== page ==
The black art of logistics used to be organised by a whiteboard and a magic marker. Now software is being developed that can ensure the most complex jobs are run with optimal efficiency.
Every day, 300 lorries arrive at Canary Wharf. They are loaded with enormous steel sections, delicate electronics, cladding and floor tiles, ductwork, plasterboard, mirrors, paint, light fittings and they come along a single snaking road to a site surrounded on three sides by water, where 12 buildings are being erected.

Space here is so tight that there is nowhere to park a truck or store its load; each delivery is immediately directed to its prearranged date with one of 33 tower cranes or 44 hoist cars, unloaded on the spot and sent away to allow the next in. One load at the wrong time can snarl up the whole site – and if the wind speed exceeds 38 mph, the cranes stop working and the whole lot has to be rescheduled …

Running this site using the traditional marker pen and whiteboard would be, to say the least, impractical. Canary Wharf therefore sought a digital solution. It asked a consultancy called the Logistics Business to develop a software package that would mesh deliveries with crane and hoist slots. "On a high-rise project, your most valuable asset is your hoist and crane," says Douglas Blackstock, senior logistics manager for Canary Wharf Contractors. "Everything is governed by that hoist and crane, so you have to schedule it efficiently."

The consultant came up with Zone Manager, the first delivery scheduling software specific to the construction industry. It was developed from a package called Dock Manager, which was used by food company Quaker Oats to manage the loading and unloading of vehicles at docks – another logistic process with strict space and time constraints.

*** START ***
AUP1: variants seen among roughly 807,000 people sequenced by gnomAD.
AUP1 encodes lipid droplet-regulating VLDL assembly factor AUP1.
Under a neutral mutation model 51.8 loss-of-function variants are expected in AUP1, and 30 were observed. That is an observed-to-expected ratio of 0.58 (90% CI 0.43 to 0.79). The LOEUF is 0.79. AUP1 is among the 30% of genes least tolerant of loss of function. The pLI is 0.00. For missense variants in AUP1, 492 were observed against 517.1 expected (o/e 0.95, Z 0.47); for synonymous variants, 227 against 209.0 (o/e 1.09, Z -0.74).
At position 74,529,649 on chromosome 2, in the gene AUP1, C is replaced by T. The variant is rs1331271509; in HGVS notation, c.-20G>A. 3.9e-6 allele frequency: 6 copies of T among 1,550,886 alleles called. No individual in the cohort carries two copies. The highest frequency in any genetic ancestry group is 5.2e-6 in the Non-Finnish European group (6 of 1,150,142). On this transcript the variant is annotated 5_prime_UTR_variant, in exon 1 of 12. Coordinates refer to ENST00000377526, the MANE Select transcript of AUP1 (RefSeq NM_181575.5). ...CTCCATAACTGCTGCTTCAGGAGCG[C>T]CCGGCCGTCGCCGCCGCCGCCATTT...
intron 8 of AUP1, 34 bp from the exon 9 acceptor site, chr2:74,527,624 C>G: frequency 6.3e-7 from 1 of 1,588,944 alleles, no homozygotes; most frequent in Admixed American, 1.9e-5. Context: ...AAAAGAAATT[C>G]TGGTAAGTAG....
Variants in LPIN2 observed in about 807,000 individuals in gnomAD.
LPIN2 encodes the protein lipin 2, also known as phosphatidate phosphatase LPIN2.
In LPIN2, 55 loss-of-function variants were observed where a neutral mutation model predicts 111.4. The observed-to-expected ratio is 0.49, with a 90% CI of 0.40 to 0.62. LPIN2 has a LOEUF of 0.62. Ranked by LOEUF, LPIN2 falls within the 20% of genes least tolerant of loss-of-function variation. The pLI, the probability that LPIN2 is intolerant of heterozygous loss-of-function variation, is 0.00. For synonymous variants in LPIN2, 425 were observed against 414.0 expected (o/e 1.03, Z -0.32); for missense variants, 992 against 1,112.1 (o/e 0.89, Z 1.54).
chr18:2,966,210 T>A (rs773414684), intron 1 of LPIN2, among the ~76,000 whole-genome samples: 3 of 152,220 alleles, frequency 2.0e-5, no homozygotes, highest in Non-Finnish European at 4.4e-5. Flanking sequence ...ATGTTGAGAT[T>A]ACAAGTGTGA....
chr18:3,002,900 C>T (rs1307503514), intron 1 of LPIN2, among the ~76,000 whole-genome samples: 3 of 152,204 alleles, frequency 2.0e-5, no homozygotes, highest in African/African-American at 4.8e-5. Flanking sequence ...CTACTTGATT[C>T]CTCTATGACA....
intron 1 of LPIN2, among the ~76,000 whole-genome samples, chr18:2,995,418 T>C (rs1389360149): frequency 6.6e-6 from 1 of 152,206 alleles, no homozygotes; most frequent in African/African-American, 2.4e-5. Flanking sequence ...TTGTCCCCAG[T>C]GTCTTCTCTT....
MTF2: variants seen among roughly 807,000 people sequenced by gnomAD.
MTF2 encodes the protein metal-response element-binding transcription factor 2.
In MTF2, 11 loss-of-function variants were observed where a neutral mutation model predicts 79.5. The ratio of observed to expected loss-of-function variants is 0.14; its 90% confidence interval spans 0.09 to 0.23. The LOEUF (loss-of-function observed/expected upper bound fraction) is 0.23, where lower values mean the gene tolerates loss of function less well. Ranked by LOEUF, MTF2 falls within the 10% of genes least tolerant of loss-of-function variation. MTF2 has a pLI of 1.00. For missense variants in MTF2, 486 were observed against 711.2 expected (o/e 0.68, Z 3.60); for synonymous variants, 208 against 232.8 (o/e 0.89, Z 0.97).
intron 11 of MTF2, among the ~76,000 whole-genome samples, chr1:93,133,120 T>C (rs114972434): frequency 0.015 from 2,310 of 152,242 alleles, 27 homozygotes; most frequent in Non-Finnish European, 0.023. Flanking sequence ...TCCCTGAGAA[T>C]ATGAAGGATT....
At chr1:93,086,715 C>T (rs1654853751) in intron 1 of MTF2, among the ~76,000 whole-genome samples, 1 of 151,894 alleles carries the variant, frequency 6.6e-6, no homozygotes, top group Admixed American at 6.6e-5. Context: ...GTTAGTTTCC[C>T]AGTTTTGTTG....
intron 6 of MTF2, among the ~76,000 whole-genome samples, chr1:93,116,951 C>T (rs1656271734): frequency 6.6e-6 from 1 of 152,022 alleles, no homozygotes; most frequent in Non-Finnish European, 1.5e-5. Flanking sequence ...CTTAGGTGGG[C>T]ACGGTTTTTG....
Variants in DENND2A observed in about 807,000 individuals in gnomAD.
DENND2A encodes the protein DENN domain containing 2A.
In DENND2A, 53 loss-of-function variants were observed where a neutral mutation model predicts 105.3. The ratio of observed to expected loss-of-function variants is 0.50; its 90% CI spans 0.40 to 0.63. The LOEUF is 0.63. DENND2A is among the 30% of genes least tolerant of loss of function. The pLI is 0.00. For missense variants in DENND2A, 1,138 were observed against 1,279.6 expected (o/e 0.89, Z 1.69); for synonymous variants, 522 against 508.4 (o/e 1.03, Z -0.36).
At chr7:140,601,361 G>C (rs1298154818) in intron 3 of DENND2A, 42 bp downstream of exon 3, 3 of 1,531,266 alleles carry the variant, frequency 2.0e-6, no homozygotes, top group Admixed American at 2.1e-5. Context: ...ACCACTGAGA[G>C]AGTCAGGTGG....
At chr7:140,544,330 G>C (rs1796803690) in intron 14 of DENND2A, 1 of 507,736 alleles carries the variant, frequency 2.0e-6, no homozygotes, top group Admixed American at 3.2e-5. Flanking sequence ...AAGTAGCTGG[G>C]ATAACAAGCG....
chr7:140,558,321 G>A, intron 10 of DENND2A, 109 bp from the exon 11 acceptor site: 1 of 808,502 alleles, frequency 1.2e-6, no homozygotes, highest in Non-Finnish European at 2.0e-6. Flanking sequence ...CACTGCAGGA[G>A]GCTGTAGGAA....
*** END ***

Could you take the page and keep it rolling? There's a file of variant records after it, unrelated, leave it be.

How the program works
The company's site is divided into 12 zones for the 12 buildings. Every crane and hoist in each zone is entered into the system and the day is divided into potential unloading slots. The trade contractor books a slot. Next, it schedules its delivery to coincide with it. Vehicles arrive just before the scheduled time and are directed to a holding area.

At the allotted time, the vehicle is directed to its crane or hoist. Drivers who turn up unannounced or at the wrong time get short shrift. "The daily supervisor gets a list of all deliveries for each site," says Blackstock. "If a delivery turns up at the wrong time, it gets turned away."

The program has recently been adopted by Bovis Lend Lease, Wates and logistics specialist Wilson James. Wilson James replaced whiteboards with the software late last year on the Paternoster Square office development in the City of London. "It's not rocket science in IT terms, but it's incredibly useful," says Gary Sullivan, a director of Wilson James. "At Paternoster Square we use it like an airport departure screen – we can see where the materials are in real time, which is proving a great benefit to the trade contractors. They can view it on a screen and see where their materials are without having to ring us up or send someone down to check."

Ian Lister, senior manager at Wilson James, says the program has other useful features, too. "You can see if suppliers are consistently late or using more resource than scheduled," he says.

He is quick to point out that any firms behind with their deliveries are not formally penalised, but at least they can be identified and a quiet word exchanged.